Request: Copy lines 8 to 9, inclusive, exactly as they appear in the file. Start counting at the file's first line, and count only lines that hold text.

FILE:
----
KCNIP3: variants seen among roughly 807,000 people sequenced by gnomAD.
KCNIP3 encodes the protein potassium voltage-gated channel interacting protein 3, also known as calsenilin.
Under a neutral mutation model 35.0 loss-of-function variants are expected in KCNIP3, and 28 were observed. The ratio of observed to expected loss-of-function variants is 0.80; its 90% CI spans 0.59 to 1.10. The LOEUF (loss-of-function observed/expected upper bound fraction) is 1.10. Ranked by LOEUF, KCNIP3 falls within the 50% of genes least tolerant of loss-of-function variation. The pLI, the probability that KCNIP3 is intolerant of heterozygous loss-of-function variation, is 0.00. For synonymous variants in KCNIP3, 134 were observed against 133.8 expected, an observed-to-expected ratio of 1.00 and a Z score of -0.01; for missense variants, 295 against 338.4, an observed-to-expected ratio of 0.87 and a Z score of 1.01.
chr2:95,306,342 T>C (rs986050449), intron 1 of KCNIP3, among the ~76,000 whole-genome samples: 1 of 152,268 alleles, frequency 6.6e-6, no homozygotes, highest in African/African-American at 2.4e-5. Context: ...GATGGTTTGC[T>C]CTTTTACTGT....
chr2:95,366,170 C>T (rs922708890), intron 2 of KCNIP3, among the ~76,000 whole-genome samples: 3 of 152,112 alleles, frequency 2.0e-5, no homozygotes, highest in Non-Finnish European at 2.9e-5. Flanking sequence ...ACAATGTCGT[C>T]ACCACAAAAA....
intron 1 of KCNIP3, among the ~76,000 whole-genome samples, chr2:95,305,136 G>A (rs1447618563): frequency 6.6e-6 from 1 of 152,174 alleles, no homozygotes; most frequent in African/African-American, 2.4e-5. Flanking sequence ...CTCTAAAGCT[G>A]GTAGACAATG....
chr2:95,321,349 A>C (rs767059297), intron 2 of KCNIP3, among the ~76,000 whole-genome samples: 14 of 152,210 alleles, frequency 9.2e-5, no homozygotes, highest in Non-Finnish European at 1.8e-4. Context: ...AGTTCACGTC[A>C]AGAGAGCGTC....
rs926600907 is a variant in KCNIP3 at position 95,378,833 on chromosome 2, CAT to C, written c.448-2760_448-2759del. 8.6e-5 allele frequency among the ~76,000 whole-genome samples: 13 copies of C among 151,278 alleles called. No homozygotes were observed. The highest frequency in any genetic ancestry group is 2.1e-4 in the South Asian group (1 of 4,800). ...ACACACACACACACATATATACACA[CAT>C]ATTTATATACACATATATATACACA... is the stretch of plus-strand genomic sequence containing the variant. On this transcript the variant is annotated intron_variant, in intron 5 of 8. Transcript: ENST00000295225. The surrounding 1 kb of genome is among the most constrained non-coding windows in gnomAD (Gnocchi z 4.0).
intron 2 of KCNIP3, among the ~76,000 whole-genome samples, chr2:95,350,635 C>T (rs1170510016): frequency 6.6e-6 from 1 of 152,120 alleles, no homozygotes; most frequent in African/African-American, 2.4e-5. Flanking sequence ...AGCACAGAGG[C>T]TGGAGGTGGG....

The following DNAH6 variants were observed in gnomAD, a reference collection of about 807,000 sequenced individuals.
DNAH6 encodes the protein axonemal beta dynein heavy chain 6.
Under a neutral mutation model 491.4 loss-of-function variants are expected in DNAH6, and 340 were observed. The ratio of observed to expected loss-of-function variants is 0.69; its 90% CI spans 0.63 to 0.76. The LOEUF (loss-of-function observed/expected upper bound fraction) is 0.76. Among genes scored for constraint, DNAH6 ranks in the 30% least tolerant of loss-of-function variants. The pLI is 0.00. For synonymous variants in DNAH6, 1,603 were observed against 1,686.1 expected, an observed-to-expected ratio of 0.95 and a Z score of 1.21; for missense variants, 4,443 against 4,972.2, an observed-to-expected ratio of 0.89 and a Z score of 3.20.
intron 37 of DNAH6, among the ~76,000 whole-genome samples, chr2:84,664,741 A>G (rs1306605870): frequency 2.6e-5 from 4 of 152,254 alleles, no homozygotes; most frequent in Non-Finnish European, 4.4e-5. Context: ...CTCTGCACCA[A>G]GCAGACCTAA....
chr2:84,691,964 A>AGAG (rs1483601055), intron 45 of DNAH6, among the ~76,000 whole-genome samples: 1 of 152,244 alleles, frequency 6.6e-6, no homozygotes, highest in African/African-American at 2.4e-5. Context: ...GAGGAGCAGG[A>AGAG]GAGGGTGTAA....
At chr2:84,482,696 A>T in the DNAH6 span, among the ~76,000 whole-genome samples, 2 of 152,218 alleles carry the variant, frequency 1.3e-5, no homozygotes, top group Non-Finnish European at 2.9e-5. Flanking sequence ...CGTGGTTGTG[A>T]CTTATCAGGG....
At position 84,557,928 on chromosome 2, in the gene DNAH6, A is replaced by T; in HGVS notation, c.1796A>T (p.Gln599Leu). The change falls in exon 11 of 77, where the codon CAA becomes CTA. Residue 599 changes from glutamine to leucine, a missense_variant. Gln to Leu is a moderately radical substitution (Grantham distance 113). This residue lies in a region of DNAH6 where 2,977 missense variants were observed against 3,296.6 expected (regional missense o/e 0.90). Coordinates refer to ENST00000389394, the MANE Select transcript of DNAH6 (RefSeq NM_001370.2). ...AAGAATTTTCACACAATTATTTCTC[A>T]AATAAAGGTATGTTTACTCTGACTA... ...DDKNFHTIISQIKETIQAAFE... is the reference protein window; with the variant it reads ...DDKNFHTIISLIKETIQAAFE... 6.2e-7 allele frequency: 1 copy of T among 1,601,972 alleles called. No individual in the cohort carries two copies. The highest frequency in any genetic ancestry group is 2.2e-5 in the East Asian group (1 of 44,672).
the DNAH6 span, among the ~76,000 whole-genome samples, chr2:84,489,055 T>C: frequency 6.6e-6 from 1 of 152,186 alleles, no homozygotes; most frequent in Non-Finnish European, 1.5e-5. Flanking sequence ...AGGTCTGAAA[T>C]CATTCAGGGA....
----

rs926600907 is a variant in KCNIP3 at position 95,378,833 on chromosome 2, CAT to C, written c.448-2760_448-2759del. 8.6e-5 allele frequency among the ~76,000 whole-genome samples: 13 copies of C among 151,278 alleles called. No homozygotes were observed. The highest frequency in any genetic ancestry group is 2.1e-4 in the South Asian group (1 of 4,800). ...ACACACACACACACATATATACACA[CAT>C]ATTTATATACACATATATATACACA... is the stretch of plus-strand genomic sequence containing the variant. On this transcript the variant is annotated intron_variant, in intron 5 of 8. Transcript: ENST00000295225. The surrounding 1 kb of genome is among the most constrained non-coding windows in gnomAD (Gnocchi z 4.0).
intron 2 of KCNIP3, among the ~76,000 whole-genome samples, chr2:95,350,635 C>T (rs1170510016): frequency 6.6e-6 from 1 of 152,120 alleles, no homozygotes; most frequent in African/African-American, 2.4e-5. Flanking sequence ...AGCACAGAGG[C>T]TGGAGGTGGG....